When Edwina Dunn explained that The Female Lead were interested in doing research into women at mid-stage career, I knew they were onto something important.
While current research focuses either at entry level or high profile senior positions, something special is involved in the challenges facing women between the ages of 27 and 42, when questions about balance, priorities and fertility necessitate what Mary Catherine Bateson called “composing a life” – drawing together meaningful themes to shape a life pattern, within a context of shifting constraints.
Initially, however, I was hesitant about my participation in the project. I had done two time-consuming studies of women’s mid-stage career paths in the 1980s and 1990s, and since then much had changed.
Though the book in which I had presented my two previous studies – Working Women Don’t Have Wives – was fairly widely cited (including in the Wikipedia entry on Women in the Workforce), it was long out of print; but Veryan Dexter, Research Lead at The Female Lead, got hold of a copy, read it and insisted that many of the findings had resonance today and, in any case, would offer interesting points for comparison and contrast.
Encouraged by this response, I delved into the interview topics from those decades old studies and, with Veryan's help, refined and updated them. The Female Lead team then promptly recruited participants and set up interviews.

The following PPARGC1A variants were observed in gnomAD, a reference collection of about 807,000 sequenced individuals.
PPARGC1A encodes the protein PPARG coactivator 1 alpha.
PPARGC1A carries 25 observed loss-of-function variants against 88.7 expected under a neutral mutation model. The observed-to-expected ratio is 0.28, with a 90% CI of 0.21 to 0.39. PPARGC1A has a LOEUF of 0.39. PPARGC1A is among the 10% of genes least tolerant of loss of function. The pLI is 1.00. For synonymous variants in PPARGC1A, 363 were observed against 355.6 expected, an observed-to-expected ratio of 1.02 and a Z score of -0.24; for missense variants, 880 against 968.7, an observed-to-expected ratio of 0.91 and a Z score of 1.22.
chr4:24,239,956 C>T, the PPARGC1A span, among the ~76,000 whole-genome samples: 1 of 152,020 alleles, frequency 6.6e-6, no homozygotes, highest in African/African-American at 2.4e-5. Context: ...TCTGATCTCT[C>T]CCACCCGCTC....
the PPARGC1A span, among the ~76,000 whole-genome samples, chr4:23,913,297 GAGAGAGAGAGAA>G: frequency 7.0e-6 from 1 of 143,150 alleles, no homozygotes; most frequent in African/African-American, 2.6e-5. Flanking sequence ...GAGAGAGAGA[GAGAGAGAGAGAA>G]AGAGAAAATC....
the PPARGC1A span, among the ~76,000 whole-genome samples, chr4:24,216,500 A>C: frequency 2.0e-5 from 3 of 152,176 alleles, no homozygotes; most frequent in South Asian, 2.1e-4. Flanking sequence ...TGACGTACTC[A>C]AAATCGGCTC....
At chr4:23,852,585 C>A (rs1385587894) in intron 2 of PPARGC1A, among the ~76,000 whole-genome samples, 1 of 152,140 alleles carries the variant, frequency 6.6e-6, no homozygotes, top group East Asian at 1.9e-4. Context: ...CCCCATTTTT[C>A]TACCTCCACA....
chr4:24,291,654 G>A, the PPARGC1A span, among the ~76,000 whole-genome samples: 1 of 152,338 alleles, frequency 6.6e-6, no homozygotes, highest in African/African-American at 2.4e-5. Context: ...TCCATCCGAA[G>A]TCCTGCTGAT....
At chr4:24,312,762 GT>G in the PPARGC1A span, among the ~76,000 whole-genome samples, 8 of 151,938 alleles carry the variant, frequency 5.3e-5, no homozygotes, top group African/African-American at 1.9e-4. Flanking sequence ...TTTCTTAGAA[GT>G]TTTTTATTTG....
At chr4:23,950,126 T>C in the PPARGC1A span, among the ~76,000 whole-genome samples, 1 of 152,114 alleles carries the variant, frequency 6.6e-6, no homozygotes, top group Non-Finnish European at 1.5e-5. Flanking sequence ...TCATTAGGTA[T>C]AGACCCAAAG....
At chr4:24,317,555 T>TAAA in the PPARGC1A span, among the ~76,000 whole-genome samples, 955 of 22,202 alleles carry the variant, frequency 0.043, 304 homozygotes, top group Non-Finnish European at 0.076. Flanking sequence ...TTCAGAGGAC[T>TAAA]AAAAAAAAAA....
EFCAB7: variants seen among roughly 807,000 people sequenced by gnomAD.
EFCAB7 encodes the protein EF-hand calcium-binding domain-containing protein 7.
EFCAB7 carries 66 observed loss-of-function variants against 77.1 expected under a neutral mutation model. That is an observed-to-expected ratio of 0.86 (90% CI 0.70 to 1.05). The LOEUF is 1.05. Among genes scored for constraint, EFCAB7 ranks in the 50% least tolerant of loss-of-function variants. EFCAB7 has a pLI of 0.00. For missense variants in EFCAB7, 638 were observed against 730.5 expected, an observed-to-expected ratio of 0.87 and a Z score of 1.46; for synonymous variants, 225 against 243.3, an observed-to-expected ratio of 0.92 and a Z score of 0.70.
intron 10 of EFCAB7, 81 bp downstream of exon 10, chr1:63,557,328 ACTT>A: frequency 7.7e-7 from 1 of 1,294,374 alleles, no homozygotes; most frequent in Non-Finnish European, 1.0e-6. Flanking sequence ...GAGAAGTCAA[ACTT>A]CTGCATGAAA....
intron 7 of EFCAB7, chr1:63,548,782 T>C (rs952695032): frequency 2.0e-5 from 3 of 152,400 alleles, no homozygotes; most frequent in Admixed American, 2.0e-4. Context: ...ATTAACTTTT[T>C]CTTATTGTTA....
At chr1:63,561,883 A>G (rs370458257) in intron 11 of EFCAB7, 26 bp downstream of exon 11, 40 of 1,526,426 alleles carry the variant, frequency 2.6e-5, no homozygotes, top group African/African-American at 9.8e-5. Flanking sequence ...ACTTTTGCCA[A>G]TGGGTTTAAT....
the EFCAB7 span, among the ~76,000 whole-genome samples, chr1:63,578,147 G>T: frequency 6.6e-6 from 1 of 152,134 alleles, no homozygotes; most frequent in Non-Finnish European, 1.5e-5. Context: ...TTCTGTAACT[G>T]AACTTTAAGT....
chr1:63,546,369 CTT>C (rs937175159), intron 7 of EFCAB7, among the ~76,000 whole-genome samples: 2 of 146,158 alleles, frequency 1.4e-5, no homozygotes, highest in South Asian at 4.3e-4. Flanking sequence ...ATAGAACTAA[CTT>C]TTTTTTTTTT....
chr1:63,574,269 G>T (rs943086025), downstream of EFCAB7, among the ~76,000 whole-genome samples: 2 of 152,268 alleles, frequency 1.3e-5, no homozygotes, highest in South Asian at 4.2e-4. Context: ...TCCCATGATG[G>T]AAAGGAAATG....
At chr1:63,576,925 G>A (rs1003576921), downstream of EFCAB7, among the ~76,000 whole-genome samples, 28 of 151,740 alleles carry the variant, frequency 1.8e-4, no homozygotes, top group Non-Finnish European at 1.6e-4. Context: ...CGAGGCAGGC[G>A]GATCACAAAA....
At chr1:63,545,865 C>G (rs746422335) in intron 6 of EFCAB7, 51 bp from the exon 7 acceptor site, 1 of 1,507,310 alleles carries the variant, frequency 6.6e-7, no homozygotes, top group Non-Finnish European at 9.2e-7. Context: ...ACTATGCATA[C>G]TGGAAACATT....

After nearly 70 interviews, the rich interview data, when read and analysed, illuminated the factors behind the many data sets showing very different career trajectories - hers and his - that began at mid-stage career, as his accelerated and hers stalled.
The first thing that struck me was the confidence of the participating women. Their words refuted many myths about gender bias, in particular that women are uncomfortable with ambition, that they feel ambivalent about independence, that they do not identify as strongly with their professional life as men. These myths can now be set aside.
Yet while there has been huge movement in women’s voices, media discussions about women’s experience remain just as they were 25 years ago, portraying women as helplessly mired by every bias, large or small.
The Women at Work report argues that subsequent progress requires us to distinguish between biases that persisted and those that are now sporadic, and often toothless. Without such distinctions, inefficiencies will slow the advance and generate defensiveness in organisations, when what is required is energetic collaboration.
Rather than calling out every sign or signal of bias, we need to look at the contexts in which biases emerge. One area is negotiation of pay and promotion. Here the stereotype of the male go-getter versus female timidity interfered with women’s confidence – not because the stereotype is true, but because negotiations are often shrouded in mystique.